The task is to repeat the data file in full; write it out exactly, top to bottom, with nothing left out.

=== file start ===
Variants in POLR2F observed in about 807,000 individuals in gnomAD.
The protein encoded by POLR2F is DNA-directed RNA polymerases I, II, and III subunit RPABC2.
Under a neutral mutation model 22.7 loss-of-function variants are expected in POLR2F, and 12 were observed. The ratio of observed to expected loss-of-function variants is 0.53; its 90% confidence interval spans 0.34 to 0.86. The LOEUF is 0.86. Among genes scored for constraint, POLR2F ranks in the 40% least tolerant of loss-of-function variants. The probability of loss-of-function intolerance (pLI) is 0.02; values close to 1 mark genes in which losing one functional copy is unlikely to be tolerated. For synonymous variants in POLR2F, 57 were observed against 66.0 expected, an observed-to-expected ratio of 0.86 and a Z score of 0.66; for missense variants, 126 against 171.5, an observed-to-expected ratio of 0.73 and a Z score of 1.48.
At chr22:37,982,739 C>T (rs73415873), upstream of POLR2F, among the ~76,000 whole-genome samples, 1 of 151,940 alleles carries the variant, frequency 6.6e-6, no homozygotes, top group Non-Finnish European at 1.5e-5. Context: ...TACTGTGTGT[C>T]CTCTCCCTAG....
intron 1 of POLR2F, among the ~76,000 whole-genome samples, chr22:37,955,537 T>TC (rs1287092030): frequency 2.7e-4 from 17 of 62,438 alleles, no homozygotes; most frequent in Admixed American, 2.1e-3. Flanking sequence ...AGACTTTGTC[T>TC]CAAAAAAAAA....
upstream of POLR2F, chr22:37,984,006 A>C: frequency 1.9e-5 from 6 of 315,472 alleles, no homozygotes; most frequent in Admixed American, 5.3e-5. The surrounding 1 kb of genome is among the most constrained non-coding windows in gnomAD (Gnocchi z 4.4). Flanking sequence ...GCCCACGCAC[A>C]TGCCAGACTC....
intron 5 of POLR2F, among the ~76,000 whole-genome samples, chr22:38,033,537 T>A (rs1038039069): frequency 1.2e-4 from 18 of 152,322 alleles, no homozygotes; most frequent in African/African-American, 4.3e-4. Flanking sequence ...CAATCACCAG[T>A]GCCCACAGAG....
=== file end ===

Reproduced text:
Variants in POLR2F observed in about 807,000 individuals in gnomAD.
The protein encoded by POLR2F is DNA-directed RNA polymerases I, II, and III subunit RPABC2.
Under a neutral mutation model 22.7 loss-of-function variants are expected in POLR2F, and 12 were observed. The ratio of observed to expected loss-of-function variants is 0.53; its 90% confidence interval spans 0.34 to 0.86. The LOEUF is 0.86. Among genes scored for constraint, POLR2F ranks in the 40% least tolerant of loss-of-function variants. The probability of loss-of-function intolerance (pLI) is 0.02; values close to 1 mark genes in which losing one functional copy is unlikely to be tolerated. For synonymous variants in POLR2F, 57 were observed against 66.0 expected, an observed-to-expected ratio of 0.86 and a Z score of 0.66; for missense variants, 126 against 171.5, an observed-to-expected ratio of 0.73 and a Z score of 1.48.
At chr22:37,982,739 C>T (rs73415873), upstream of POLR2F, among the ~76,000 whole-genome samples, 1 of 151,940 alleles carries the variant, frequency 6.6e-6, no homozygotes, top group Non-Finnish European at 1.5e-5. Context: ...TACTGTGTGT[C>T]CTCTCCCTAG....
intron 1 of POLR2F, among the ~76,000 whole-genome samples, chr22:37,955,537 T>TC (rs1287092030): frequency 2.7e-4 from 17 of 62,438 alleles, no homozygotes; most frequent in Admixed American, 2.1e-3. Flanking sequence ...AGACTTTGTC[T>TC]CAAAAAAAAA....
upstream of POLR2F, chr22:37,984,006 A>C: frequency 1.9e-5 from 6 of 315,472 alleles, no homozygotes; most frequent in Admixed American, 5.3e-5. The surrounding 1 kb of genome is among the most constrained non-coding windows in gnomAD (Gnocchi z 4.4). Flanking sequence ...GCCCACGCAC[A>C]TGCCAGACTC....
intron 5 of POLR2F, among the ~76,000 whole-genome samples, chr22:38,033,537 T>A (rs1038039069): frequency 1.2e-4 from 18 of 152,322 alleles, no homozygotes; most frequent in African/African-American, 4.3e-4. Flanking sequence ...CAATCACCAG[T>A]GCCCACAGAG....